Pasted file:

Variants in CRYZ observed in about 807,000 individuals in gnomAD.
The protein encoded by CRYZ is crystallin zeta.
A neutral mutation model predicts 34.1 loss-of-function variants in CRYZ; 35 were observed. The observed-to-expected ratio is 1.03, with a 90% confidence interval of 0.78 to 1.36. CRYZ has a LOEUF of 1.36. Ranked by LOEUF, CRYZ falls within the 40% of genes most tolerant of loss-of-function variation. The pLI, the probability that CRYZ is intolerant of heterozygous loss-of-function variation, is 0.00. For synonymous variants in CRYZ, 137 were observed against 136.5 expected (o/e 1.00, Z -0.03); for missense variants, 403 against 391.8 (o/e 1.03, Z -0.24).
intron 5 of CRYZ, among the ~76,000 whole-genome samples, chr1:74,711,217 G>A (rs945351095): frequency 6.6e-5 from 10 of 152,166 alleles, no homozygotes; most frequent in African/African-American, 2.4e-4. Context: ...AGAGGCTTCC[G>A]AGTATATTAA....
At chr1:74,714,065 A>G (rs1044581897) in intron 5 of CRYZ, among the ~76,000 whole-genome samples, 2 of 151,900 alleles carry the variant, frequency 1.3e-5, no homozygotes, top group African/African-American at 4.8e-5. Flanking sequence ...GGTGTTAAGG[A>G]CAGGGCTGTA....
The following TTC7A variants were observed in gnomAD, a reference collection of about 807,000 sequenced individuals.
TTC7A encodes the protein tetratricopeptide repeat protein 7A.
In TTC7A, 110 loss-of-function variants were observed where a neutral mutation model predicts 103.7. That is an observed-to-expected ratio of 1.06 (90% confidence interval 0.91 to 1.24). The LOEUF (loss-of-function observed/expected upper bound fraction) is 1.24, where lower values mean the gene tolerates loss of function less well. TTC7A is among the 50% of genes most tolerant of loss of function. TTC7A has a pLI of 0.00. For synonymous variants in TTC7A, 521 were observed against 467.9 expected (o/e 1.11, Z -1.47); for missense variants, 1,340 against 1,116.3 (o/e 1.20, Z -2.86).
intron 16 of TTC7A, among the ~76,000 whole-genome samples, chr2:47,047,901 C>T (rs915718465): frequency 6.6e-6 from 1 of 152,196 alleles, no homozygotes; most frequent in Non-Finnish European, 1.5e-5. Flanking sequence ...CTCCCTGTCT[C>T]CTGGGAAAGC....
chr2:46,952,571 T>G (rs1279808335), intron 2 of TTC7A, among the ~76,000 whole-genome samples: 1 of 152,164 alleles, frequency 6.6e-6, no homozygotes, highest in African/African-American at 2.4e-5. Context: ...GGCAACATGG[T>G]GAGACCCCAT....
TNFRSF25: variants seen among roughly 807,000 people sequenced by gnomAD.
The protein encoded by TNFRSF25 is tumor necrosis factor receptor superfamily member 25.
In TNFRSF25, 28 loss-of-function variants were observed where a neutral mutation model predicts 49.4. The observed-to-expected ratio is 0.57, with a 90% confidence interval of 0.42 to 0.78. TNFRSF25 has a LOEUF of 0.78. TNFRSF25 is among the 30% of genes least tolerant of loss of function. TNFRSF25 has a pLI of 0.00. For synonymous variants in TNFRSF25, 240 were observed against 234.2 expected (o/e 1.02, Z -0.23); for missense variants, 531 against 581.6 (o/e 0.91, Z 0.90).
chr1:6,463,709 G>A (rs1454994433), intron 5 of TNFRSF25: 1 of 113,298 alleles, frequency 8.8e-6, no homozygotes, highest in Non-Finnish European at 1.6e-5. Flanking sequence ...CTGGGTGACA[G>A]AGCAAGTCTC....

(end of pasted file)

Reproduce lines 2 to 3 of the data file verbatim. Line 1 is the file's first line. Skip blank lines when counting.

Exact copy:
The protein encoded by CRYZ is crystallin zeta.
A neutral mutation model predicts 34.1 loss-of-function variants in CRYZ; 35 were observed. The observed-to-expected ratio is 1.03, with a 90% confidence interval of 0.78 to 1.36. CRYZ has a LOEUF of 1.36. Ranked by LOEUF, CRYZ falls within the 40% of genes most tolerant of loss-of-function variation. The pLI, the probability that CRYZ is intolerant of heterozygous loss-of-function variation, is 0.00. For synonymous variants in CRYZ, 137 were observed against 136.5 expected (o/e 1.00, Z -0.03); for missense variants, 403 against 391.8 (o/e 1.03, Z -0.24).